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Old 11-09-01, 11:58 AM   #1
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Recycling spark plugs...

Alrighty, I change my spark plugs every 10k miles. I'm sure the spark plug could easily last longer than that, but a bit of carbon and *stuff* builds up on them causing them to be less efficient.

Would it be a safe bet that I could clean the plug with a wire brush and use them again? I cleaned one off and it looked shiney and new again, but I'm not sure it if would work well for another 10k or not.

I'm not exactly sure what part of a spark plug wears out when it dies, but I'm certain that a good quality spark plug will go good for at least 40k.
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Old 11-09-01, 12:06 PM   #2
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the plugs dont last so long in our cars b/c they fire so many more times than boingers(6x more i guess if its 3x per revolution in teh rotary and every other rev in a boinger)

but it definately dosnt hurt to take em out and clean em once in a while and put em back in. get a little more life out of em. i'd still change em at least every 15k though just cause
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Old 11-09-01, 12:09 PM   #3
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Quote:
Originally posted by niner
the plugs dont last so long in our cars b/c they fire so many more times than boingers(6x more i guess if its 3x per revolution in teh rotary and every other rev in a boinger)

but it definately dosnt hurt to take em out and clean em once in a while and put em back in. get a little more life out of em. i'd still change em at least every 15k though just cause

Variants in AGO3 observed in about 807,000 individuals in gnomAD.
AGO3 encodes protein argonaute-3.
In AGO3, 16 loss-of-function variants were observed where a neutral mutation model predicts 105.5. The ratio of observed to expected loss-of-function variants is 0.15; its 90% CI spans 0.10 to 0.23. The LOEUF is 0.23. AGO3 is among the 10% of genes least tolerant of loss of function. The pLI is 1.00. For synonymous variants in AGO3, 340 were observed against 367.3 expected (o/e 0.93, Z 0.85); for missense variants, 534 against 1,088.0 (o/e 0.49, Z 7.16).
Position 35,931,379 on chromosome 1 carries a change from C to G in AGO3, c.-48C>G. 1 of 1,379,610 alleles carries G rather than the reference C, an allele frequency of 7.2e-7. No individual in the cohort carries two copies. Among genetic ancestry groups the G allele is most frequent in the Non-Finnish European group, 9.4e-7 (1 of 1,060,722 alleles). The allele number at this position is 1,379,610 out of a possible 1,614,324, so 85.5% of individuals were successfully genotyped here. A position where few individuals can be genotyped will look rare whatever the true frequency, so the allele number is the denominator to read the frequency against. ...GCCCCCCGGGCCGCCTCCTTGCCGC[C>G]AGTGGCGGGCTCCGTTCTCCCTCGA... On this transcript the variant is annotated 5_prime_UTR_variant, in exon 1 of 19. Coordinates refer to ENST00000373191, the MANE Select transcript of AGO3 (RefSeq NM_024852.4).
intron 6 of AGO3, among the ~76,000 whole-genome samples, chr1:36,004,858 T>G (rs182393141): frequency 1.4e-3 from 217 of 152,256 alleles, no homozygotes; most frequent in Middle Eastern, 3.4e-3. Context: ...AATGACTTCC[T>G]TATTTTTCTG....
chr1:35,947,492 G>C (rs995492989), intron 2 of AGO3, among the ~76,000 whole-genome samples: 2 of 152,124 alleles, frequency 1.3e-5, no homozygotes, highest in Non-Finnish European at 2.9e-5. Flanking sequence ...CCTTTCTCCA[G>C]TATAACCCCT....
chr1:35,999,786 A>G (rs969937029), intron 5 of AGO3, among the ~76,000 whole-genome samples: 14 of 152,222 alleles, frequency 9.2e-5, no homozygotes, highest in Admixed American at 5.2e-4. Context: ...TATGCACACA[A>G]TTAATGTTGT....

I'm just wondering if I can yank 'em out at 10k, clean 'em, and use them for another 10k.

I probably won't do this, I just want to know if it would be safe or not.
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Old 11-09-01, 12:21 PM   #4
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if you want. wouldnt hurt nothin
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Old 11-09-01, 12:46 PM   #5
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Change them out if the metal is getting worn. I wirebrush mine every few months so the carbon doesn't build up too much. This method seems to work for me.

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Old 11-09-01, 02:06 PM   #6
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The plugs start dieing big time after 30k miles, and there is an appreciable change in performance at 15k miles.

Sparks work best firing between two sharp edges, as the plugs wear, each fire of the plug slowly removes minute amounts of metal from the spark edge. After a while the edge becomes rounded, leading to a traveling spark. A traveling spark requires considerably more energy to light than a clean spark from edge to edge. So now your spark is just trying to use all the power the coil can give it, just to bridge the gap, rather than having an intense spark to ignite the mixture.

So you could file the edges back down flat and sharp, re-gap the plug, but the filing will slightly change the temp range of the plug, as the center electrode will be slightly lowered into the insulator.

Actually in the old days of distributor caps an old racers trick was to grind the rotor inside down to a razorblade edge, to make perfect edge for the spark to jump to.

Now some people claim that platinum plugs work as well, but the biggest drawback to them is that the insulator runs all around the tip, so as the plug wears, the gap gets bigger and lower into the insulator, but you can't adjust it. So the idea of they last longer is not very accurate, sure the perceived adjustable gap doesn't get any bigger, but because the electrode is burning itself up in the insulator the gap is growing bigger and bigger. So unless you have a Jacobs box on there the spark gets weaker and weaker.